Lyn Hicks
    http://www.harmonyhillgardens.com

    • Paul S

      Well said Lyn. I think there’s value in both eco progress, not just eco perfection.

  • Alex

    Thank you, a really optimistic and inspiring article. I was particularly impressed that you cited the importance of considering the source of favours and travel issues. I think such radical/holistic evaluation of views/behaviour is vital. Replacing conventional unnecessaries with ‘green’ versions misses the point.

    The good news is cutting back on excess, means savings. Doing/making something yourself creates meaning…and it’s fun!

    For a revolutionarily simple take on sustainable floristry have a look here:
    http://www.iwalkdevon.com/index.php/ethical-flowers/

    • Alex

      P.S I love the idea of the birdseed – brilliant!

    • Paul S

      Agreed. Making rather then buying everything is the ultimate in localization of sourcing! And more memorable too, for both those attending and hosting the wedding.

  • http://www.apronstore.com Perry Peck

    Boom! Green Weddings should become the norm. How could any aware couple not want to have one. You are starting your life together so you might as well make a statement that will follow you for the rest of your life together. When you look back at the wedding album you will be HAPPY you did it! If your Wedding is green most likely you will live in a green home and raise healthy organically smart children. So do your part to help save our Mother Earth have a Green Wedding.

  • Angelica Wweihs

    The more awareness the better, thank you for the article! I was the first event planner opening a company for green weddings in 2005 (my ancient website greenweddings.net is still up) and we had quite an amazing ride. After many green and greenish weddings we not only have a good feeling for budgets and what is realistic (organic food sadly is often too expensive) but also have gotten more creative and innovative with each beautiful event. We have done $200,000 to $5,000 events; whatever budget couples have it always comes down to spending money wisely. We found that re-use is one of the most important issues especially for weddings as every waste is harmful, even if is an eco-friendly product. Every new production needs energy and if we waste 200 wedding invitations, escort cards and programs, printed on recycled paper, its still wasted energy as they land in the garbage can. Online invites and websites are fun and if you have a green web provider you’re a near perfect no-waste-bride. So if we buy new stuff, it’s great to think: where will this land afterwards or how can I possibly re-use this?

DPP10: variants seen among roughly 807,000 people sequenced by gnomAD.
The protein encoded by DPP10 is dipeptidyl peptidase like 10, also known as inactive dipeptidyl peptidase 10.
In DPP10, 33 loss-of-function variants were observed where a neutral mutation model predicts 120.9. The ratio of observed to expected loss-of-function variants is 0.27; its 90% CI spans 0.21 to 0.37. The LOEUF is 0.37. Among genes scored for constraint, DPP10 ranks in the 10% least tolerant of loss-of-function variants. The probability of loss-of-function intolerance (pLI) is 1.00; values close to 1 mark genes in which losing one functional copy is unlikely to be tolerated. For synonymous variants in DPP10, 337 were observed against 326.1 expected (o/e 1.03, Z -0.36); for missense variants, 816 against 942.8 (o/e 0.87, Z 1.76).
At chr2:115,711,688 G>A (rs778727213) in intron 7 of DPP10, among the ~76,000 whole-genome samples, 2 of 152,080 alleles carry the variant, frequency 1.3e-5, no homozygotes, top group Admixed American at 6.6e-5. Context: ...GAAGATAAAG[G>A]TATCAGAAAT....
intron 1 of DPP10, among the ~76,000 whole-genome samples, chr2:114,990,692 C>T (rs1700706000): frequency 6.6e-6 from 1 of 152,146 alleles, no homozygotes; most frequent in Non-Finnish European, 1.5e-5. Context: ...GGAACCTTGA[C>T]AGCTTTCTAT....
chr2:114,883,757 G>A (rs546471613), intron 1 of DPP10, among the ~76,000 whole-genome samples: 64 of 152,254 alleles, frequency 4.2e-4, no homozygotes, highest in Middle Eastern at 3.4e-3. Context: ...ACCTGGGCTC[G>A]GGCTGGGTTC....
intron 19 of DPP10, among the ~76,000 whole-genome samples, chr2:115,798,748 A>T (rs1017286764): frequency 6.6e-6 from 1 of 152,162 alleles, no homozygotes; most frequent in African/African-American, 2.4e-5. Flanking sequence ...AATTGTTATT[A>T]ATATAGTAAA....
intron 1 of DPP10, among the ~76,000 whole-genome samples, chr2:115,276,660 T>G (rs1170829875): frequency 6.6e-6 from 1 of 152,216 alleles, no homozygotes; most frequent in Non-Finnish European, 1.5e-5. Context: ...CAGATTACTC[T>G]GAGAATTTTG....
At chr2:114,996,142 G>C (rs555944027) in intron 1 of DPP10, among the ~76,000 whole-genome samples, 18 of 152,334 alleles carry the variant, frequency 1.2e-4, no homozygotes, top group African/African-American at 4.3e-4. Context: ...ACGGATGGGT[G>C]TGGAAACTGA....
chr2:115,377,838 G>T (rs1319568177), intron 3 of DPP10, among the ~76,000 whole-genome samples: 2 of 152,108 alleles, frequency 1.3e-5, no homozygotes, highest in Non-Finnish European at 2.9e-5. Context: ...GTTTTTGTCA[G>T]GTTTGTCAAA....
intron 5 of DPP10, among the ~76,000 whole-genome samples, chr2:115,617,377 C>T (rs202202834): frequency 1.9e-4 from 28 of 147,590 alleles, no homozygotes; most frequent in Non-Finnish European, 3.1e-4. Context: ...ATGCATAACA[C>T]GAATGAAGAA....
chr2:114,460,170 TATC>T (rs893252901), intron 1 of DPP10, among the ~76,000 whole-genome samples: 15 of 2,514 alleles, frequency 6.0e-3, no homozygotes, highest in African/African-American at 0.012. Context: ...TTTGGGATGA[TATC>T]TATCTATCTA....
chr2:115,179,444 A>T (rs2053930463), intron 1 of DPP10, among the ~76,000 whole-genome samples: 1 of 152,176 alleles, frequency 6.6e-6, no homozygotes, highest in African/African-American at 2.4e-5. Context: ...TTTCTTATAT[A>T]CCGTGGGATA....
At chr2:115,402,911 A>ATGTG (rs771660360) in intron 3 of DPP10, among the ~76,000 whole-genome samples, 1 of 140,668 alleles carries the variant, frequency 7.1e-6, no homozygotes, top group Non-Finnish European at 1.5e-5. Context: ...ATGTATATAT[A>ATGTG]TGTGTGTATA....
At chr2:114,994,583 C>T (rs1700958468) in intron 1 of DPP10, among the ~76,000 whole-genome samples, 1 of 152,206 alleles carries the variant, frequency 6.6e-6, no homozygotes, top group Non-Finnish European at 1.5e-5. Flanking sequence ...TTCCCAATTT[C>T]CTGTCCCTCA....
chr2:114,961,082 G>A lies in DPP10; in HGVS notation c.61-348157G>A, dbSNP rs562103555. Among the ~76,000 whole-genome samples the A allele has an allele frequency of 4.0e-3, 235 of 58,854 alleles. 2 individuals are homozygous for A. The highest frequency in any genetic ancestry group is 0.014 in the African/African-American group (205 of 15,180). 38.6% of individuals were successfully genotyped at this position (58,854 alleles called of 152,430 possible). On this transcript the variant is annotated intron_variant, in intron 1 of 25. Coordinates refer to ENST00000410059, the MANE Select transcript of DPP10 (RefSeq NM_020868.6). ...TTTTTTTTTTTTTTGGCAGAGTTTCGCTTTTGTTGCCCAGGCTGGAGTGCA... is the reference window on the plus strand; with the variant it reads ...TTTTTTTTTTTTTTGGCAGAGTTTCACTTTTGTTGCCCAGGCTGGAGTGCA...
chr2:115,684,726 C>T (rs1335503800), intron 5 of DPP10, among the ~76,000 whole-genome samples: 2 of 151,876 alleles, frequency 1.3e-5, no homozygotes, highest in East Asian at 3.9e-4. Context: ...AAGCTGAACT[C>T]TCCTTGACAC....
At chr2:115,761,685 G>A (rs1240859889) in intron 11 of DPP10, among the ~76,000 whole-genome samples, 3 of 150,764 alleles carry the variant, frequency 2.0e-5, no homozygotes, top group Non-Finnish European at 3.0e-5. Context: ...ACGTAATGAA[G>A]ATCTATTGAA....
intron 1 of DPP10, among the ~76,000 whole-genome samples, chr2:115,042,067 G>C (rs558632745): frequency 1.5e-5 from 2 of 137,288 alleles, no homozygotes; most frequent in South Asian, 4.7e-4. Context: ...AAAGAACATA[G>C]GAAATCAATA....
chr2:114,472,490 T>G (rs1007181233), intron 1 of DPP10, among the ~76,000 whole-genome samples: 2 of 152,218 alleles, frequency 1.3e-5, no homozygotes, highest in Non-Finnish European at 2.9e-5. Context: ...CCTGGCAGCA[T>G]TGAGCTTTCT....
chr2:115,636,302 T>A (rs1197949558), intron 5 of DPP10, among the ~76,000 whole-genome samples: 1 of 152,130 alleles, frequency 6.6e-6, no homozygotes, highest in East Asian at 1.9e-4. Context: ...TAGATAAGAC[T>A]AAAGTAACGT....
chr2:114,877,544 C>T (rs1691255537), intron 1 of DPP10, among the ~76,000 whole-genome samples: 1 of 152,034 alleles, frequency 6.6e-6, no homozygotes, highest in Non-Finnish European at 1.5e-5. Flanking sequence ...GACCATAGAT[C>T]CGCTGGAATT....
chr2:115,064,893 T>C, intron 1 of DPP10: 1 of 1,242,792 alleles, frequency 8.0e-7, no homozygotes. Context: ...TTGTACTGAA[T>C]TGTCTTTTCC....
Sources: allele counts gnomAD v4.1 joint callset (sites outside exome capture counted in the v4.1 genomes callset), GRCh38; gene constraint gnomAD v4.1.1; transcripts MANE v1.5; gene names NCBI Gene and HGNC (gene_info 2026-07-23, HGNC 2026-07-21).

Creatively introducing decor we already own, shopping for eclectic designs at Thrift or vintage stores is a great way to save money and the environment. Also buying glass ware and linens and sharing it afterwards with the bridal party is fun, eco-conscious and often cheaper than renting it.
    greenweddingcalifornia.com

  • Paul S

    Great to hear from you Angelica, and thanks for all the food for thought.

  • Drew Warner

    Dream Green Weddings sounds like it is filling a niche that is quite sought after. We’ve seen demand for fair trade wedding gifts and are considering adding a registry function in 2011. Thanks for sharing! Will share our blog:
    http://www.fairtrademarketplace.com/blog

  • Facebook User

    Thank you for shining a light on Green Weddings! For a growing number of brides and grooms, the desire to receive gifts is balanced by the need to act responsibly toward society and the environment – which means limiting unnecessary consumption and choosing items that are produced in a globally conscious way.

    By creating a Fair Trade Gift Registry at http://www.sevenhopesunited.com, couples not only register for beautifully hand-crafted wedding gifts, but they also raise charitable contributions that are invested in community development initiatives throughout Africa, Asia, Latin America, and the Middle East. Ten percent of Seven Hopes United’s net profits are donated back into artisan communities to help provide clean water, schools, and health care to thousands of residents who would otherwise be unable to access these basic necessities.